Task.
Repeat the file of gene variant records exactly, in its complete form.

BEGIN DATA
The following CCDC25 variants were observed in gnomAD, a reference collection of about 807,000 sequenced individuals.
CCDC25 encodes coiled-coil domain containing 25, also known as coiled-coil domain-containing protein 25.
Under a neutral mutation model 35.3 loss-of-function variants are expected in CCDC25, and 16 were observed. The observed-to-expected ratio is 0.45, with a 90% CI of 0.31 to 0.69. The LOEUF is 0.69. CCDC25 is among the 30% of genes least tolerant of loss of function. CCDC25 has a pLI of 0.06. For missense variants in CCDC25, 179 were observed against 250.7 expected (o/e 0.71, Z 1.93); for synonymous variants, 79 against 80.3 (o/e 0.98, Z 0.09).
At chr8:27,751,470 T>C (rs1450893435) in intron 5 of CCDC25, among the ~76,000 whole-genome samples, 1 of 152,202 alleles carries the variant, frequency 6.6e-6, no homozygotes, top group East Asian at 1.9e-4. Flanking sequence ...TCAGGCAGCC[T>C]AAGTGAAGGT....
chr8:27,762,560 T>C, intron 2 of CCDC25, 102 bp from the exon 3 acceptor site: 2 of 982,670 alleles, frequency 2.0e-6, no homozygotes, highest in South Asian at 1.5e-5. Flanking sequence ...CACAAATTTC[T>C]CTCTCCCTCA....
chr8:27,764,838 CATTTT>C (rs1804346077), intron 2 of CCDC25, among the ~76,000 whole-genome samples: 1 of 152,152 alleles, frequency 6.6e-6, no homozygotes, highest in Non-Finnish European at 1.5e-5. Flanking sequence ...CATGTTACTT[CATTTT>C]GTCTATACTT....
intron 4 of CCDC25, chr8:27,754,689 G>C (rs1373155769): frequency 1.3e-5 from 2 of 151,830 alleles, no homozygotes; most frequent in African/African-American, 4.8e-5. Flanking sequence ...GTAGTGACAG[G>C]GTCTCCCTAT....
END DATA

The following CCDC25 variants were observed in gnomAD, a reference collection of about 807,000 sequenced individuals.
CCDC25 encodes coiled-coil domain containing 25, also known as coiled-coil domain-containing protein 25.
Under a neutral mutation model 35.3 loss-of-function variants are expected in CCDC25, and 16 were observed. The observed-to-expected ratio is 0.45, with a 90% CI of 0.31 to 0.69. The LOEUF is 0.69. CCDC25 is among the 30% of genes least tolerant of loss of function. CCDC25 has a pLI of 0.06. For missense variants in CCDC25, 179 were observed against 250.7 expected (o/e 0.71, Z 1.93); for synonymous variants, 79 against 80.3 (o/e 0.98, Z 0.09).
At chr8:27,751,470 T>C (rs1450893435) in intron 5 of CCDC25, among the ~76,000 whole-genome samples, 1 of 152,202 alleles carries the variant, frequency 6.6e-6, no homozygotes, top group East Asian at 1.9e-4. Flanking sequence ...TCAGGCAGCC[T>C]AAGTGAAGGT....
chr8:27,762,560 T>C, intron 2 of CCDC25, 102 bp from the exon 3 acceptor site: 2 of 982,670 alleles, frequency 2.0e-6, no homozygotes, highest in South Asian at 1.5e-5. Flanking sequence ...CACAAATTTC[T>C]CTCTCCCTCA....
chr8:27,764,838 CATTTT>C (rs1804346077), intron 2 of CCDC25, among the ~76,000 whole-genome samples: 1 of 152,152 alleles, frequency 6.6e-6, no homozygotes, highest in Non-Finnish European at 1.5e-5. Flanking sequence ...CATGTTACTT[CATTTT>C]GTCTATACTT....
intron 4 of CCDC25, chr8:27,754,689 G>C (rs1373155769): frequency 1.3e-5 from 2 of 151,830 alleles, no homozygotes; most frequent in African/African-American, 4.8e-5. Flanking sequence ...GTAGTGACAG[G>C]GTCTCCCTAT....